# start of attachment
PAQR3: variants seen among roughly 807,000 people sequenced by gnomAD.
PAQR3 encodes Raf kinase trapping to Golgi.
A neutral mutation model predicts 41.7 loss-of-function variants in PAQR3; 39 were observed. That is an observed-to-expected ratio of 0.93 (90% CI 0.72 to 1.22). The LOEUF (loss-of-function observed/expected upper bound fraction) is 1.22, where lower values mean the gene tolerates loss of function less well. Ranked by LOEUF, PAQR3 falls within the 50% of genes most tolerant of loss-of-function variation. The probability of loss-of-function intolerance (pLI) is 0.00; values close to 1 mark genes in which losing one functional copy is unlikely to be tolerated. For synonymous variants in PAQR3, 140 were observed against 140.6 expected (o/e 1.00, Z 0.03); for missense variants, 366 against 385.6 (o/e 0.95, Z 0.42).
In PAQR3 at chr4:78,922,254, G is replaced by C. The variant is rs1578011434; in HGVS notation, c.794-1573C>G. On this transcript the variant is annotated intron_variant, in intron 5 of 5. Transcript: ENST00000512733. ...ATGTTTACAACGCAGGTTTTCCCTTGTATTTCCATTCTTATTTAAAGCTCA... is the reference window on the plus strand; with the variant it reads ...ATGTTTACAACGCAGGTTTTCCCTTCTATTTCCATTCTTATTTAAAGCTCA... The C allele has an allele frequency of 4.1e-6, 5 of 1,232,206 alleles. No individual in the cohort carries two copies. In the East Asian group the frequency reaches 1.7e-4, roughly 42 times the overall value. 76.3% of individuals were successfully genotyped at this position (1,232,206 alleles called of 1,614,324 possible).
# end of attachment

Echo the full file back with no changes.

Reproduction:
PAQR3: variants seen among roughly 807,000 people sequenced by gnomAD.
PAQR3 encodes Raf kinase trapping to Golgi.
A neutral mutation model predicts 41.7 loss-of-function variants in PAQR3; 39 were observed. That is an observed-to-expected ratio of 0.93 (90% CI 0.72 to 1.22). The LOEUF (loss-of-function observed/expected upper bound fraction) is 1.22, where lower values mean the gene tolerates loss of function less well. Ranked by LOEUF, PAQR3 falls within the 50% of genes most tolerant of loss-of-function variation. The probability of loss-of-function intolerance (pLI) is 0.00; values close to 1 mark genes in which losing one functional copy is unlikely to be tolerated. For synonymous variants in PAQR3, 140 were observed against 140.6 expected (o/e 1.00, Z 0.03); for missense variants, 366 against 385.6 (o/e 0.95, Z 0.42).
In PAQR3 at chr4:78,922,254, G is replaced by C. The variant is rs1578011434; in HGVS notation, c.794-1573C>G. On this transcript the variant is annotated intron_variant, in intron 5 of 5. Transcript: ENST00000512733. ...ATGTTTACAACGCAGGTTTTCCCTTGTATTTCCATTCTTATTTAAAGCTCA... is the reference window on the plus strand; with the variant it reads ...ATGTTTACAACGCAGGTTTTCCCTTCTATTTCCATTCTTATTTAAAGCTCA... The C allele has an allele frequency of 4.1e-6, 5 of 1,232,206 alleles. No individual in the cohort carries two copies. In the East Asian group the frequency reaches 1.7e-4, roughly 42 times the overall value. 76.3% of individuals were successfully genotyped at this position (1,232,206 alleles called of 1,614,324 possible).